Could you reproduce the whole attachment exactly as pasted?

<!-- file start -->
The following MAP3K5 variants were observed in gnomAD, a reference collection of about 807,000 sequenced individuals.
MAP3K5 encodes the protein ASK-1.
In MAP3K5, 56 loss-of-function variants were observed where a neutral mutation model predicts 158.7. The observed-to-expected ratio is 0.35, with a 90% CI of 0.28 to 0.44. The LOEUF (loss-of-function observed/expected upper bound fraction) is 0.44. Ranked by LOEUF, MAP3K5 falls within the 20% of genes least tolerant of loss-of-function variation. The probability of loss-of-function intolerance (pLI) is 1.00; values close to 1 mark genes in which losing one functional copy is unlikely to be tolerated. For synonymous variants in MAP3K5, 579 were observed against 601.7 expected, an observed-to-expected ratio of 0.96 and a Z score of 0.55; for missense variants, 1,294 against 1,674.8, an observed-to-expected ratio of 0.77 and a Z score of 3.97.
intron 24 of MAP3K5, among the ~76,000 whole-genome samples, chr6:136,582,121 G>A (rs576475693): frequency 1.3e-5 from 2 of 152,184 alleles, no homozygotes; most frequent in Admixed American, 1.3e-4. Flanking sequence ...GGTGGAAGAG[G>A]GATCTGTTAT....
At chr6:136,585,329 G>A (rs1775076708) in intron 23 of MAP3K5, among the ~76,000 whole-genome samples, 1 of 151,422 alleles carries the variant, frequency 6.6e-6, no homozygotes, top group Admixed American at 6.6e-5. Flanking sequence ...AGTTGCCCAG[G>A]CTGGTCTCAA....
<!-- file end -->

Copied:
The following MAP3K5 variants were observed in gnomAD, a reference collection of about 807,000 sequenced individuals.
MAP3K5 encodes the protein ASK-1.
In MAP3K5, 56 loss-of-function variants were observed where a neutral mutation model predicts 158.7. The observed-to-expected ratio is 0.35, with a 90% CI of 0.28 to 0.44. The LOEUF (loss-of-function observed/expected upper bound fraction) is 0.44. Ranked by LOEUF, MAP3K5 falls within the 20% of genes least tolerant of loss-of-function variation. The probability of loss-of-function intolerance (pLI) is 1.00; values close to 1 mark genes in which losing one functional copy is unlikely to be tolerated. For synonymous variants in MAP3K5, 579 were observed against 601.7 expected, an observed-to-expected ratio of 0.96 and a Z score of 0.55; for missense variants, 1,294 against 1,674.8, an observed-to-expected ratio of 0.77 and a Z score of 3.97.
intron 24 of MAP3K5, among the ~76,000 whole-genome samples, chr6:136,582,121 G>A (rs576475693): frequency 1.3e-5 from 2 of 152,184 alleles, no homozygotes; most frequent in Admixed American, 1.3e-4. Flanking sequence ...GGTGGAAGAG[G>A]GATCTGTTAT....
At chr6:136,585,329 G>A (rs1775076708) in intron 23 of MAP3K5, among the ~76,000 whole-genome samples, 1 of 151,422 alleles carries the variant, frequency 6.6e-6, no homozygotes, top group Admixed American at 6.6e-5. Flanking sequence ...AGTTGCCCAG[G>A]CTGGTCTCAA....